2011

Beermann A, Prühs R, Lutz R & Schröder R

A context-dependent combination of Wnt receptors controls axis elongation and leg development in a short germ insect

Development 138, 2793-2805

 

Summary

Short germ embryos elongate their primary body axis by consecutively adding segments from a posteriorly located growth zone. Wnt signalling is required for axis elongation in short germ arthropods, including Tribolium castaneum, but the precise functions of the different Wnt receptors involved in this process are unclear. We analysed the individual and combinatorial functions of the three Wnt receptors, Frizzled-1 (Tc-Fz1), Frizzled-2 (Tc-Fz2) and Frizzled-4 (Tc-Fz4), and their co-receptor Arrow (Tc-Arr) in the beetle Tribolium. Knockdown of gene function and expression analyses revealed that Frizzled-dependent Wnt signalling occurs anteriorly in the growth zone in the presegmental region (PSR). We show that simultaneous functional knockdown of the Wnt receptors Tc-fz1 and Tc-fz2 via RNAi resulted in collapse of the growth zone and impairment of embryonic axis elongation. Although posterior cells of the growth zone were not completely abolished, Wnt signalling within the PSR controls axial elongation at the level of pair-rule patterning, Wnt5 signalling and FGF signalling. These results identify the PSR in Tribolium as an integral tissue required for the axial elongation process, reminiscent of the presomitic mesoderm in vertebrates. Knockdown of Tc-fz1 alone interfered with the formation of the proximo-distal and the dorso-ventral axes during leg development, whereas no effect was observed with single Tc-fz2 or Tc-fz4 RNAi knockdowns. We identify Tc-Arr as an obligatory Wnt co-receptor for axis elongation, leg distalisation and segmentation. We discuss how Wnt signalling is regulated at the receptor and co-receptor levels in a dose-dependent fashion.

 

2008

The Tribolium Genome Sequencing Consortium. The genome of the model beetle and pest Tribolium castaneum. Nature 452, 949-55 (= Nature-Article; R Schröder: one of 12 coordinators; focus: developmental biology).

 

Beermann A & Schröder R  Sites of Fgf signalling and perception during embryogenesis of the beetle Tribolium castaneum. Dev Genes Evol 218, 153-167

 

Berns N, Kusch T, Schröder R & Reuter R Expression, function and regulation of Brachyenteron in the short germband insect Tribolium castaneum Dev Genes Evol 218, 169-179

 

Bolognesi R, Beermann A, Farzana L, Wittkopp N, Lutz R, Balavoine G Brown S & Schröder R Tribolium Wnts: evidence for a larger repertoire in insects with overlapping expression patterns that suggest multiple redundant functions in embryogenesis. Dev Genes Evol 218, 193-202

 

2007

Wyder S, Kriventseva E, Schröder R, Kadowaki T & Zdobnov EM Quantification of ortholog losses in insects and vertebrates. Genome Biol. 16, R242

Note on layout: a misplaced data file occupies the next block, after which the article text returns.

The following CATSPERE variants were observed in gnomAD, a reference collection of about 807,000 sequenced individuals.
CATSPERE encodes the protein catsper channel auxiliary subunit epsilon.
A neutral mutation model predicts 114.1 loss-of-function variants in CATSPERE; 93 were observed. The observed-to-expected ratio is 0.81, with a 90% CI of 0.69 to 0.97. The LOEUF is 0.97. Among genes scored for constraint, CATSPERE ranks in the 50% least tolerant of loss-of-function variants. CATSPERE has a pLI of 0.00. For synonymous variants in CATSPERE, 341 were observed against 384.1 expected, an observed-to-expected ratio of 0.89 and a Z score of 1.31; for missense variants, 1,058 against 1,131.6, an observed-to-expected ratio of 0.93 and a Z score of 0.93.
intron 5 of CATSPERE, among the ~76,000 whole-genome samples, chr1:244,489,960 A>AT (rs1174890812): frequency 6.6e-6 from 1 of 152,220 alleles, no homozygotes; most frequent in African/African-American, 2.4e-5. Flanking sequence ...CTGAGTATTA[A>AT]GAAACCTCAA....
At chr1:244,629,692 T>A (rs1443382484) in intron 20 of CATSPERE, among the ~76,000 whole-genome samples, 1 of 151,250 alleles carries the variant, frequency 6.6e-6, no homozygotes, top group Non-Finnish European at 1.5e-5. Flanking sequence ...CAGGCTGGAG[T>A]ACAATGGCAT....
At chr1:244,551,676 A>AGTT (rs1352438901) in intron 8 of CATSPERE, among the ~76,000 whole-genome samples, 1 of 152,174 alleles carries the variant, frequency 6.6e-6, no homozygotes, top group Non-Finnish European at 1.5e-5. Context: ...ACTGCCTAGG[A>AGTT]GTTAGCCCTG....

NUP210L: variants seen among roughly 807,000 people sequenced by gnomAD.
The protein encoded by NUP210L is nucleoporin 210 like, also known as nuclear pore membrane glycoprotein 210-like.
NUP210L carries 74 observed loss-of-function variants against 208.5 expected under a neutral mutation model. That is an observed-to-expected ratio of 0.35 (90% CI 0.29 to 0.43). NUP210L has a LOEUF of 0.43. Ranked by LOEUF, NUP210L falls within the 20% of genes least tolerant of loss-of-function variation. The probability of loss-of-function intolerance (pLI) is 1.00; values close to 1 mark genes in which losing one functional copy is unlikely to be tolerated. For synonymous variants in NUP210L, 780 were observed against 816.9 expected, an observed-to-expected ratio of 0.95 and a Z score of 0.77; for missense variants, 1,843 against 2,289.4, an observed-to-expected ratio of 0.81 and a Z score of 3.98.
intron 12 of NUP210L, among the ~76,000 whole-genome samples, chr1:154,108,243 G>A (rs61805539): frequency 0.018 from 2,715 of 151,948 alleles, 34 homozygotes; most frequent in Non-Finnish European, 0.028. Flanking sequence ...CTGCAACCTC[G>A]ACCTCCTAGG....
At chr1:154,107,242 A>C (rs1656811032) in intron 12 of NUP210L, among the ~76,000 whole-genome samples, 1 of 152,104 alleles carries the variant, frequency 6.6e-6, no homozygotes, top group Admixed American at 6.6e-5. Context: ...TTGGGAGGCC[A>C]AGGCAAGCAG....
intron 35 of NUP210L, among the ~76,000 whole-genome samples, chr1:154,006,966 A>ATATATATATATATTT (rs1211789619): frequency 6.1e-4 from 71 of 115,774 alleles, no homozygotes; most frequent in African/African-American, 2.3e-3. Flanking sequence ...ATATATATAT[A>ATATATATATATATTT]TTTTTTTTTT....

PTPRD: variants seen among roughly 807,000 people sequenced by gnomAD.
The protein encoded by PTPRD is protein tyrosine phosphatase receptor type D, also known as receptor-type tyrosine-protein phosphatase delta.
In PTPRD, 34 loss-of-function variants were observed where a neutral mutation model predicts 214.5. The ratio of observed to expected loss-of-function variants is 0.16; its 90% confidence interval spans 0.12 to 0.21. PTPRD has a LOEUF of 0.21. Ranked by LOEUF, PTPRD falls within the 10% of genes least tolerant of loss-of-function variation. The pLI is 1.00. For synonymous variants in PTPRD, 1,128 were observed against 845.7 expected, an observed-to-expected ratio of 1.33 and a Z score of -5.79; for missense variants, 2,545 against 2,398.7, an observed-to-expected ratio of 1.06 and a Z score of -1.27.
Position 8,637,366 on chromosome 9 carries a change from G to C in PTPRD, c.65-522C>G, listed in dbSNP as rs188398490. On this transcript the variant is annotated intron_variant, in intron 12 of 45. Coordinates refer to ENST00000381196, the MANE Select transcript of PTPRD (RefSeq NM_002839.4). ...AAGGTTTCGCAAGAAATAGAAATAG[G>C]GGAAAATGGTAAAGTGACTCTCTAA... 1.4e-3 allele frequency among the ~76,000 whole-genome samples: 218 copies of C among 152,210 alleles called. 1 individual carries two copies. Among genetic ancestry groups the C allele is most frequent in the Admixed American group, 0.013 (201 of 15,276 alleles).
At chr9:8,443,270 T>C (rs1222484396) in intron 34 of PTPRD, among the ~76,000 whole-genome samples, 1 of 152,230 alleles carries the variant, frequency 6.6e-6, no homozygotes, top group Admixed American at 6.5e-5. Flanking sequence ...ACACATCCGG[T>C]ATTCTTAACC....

2006

Schröder R vasa mRNA accumulates at the posterior pole during blastoderm formation in the flour beetle Tribolium castaneum. Dev Genes Evol 216, 277 – 283

2005

Schoppmeier M & Schröder R Maternal Torso-signaling controls body axis elongation in a short germ insect. Curr Biol 15, 2131-2136

Cerny AC, Bucher G, Schröder R & Klingler M Breakdown of abdominal patterning in the Tribolium Krüppel mutant jaws. Development 132, 5353-5363

 

 

 

 

 

 

 

 

 

 

 

2004

Copf T, Schröder R & Averof M An ancestral role of caudal genes in axis elongation and segmentation. Proc Natl Acad Sci U S A, 17711 – 17715

 

 

 

 

 

 

 

 

Beermann A, Aranda M & Schröder R The Sp8 zinc-finger transcription factor is involved in allometric growth of the limbs in the beetle Tribolium castaneum. Development 131, 733-742

 

Beermann A & Schröder R Functional stability of the aristaless gene in appendage tip formation during evolution. Dev Genes Evol 214, 303-308

 

 

2003

Schröder R 2003 The genes orthodenticle and hunchback substitute for bicoid in the beetle Tribolium. Nature 422, 621 – 625

< 2003

Schröder R, Eckert C, Wolff C & Tautz D 2000 Conserved and divergent aspects of terminal patterning in the beetle Tribolium castaneum. Proc Natl Acad Sci U S A 97, 6591 – 6596

 

Schröder R, Jay DG & Tautz D 1999 Elimination of EVE protein by CALI in the short germ band insect Tribolium suggests a conserved pair-rule function for even-skipped. Mech. Dev 80, 191-195

 

Wolff C, Schröder R, Schulz C, Tautz D & Klingler M 1998 Regulation of the Tribolium homologues of caudal and hunchback in Drosophila: evidence for maternal gradient systems in a short germ embryo. Development 125, 3645 – 3654

 

Schulz C, Schröder R, Hausdorff B, Wolff C & Tautz D 1998 A caudal homologue in the short germ band beetle Tribolium shows similarities to both, the Drosophila and the vertebrate caudal expression patterns. Dev Genes Evol 208, 283 – 289

 

Schröder R, Tautz D & Jay DG 1996 Chromophore-assisted laser inactivation of even-skipped in Drosophila precisely phenocopies genetic loss of function. Dev. Genes Evol. 206, 86-88

 

Falciani F, Hausdorf B, Schröder R, Akam M, Tautz D, Denell R & Brown S 1996 Class 3 Hox genes in insects and the origin of zen. Proc. Natl. Acad. Sci. USA 93, 8479-8484

 

Wolff C, Sommer R, Schröder R, Glaser G & Tautz D 1995 Conserved and divergent expression aspects of the Drosophila segmentation gene hunchback in the short germ band embryo of the flour beetle Tribolium. Development 121, 4227-4236

 

Schröder R & Sander K 1993 A comparison of transplantable bicoid activity and partial bicoid homeobox sequences in several Drosophila and blowfly species (Calliphoridae). Roux' s Arch. Dev. Biol., 34-43

Original Publications

Original Publications

The iBeetle large-scale RNAi screen reveals gene functions for insect development and physiology.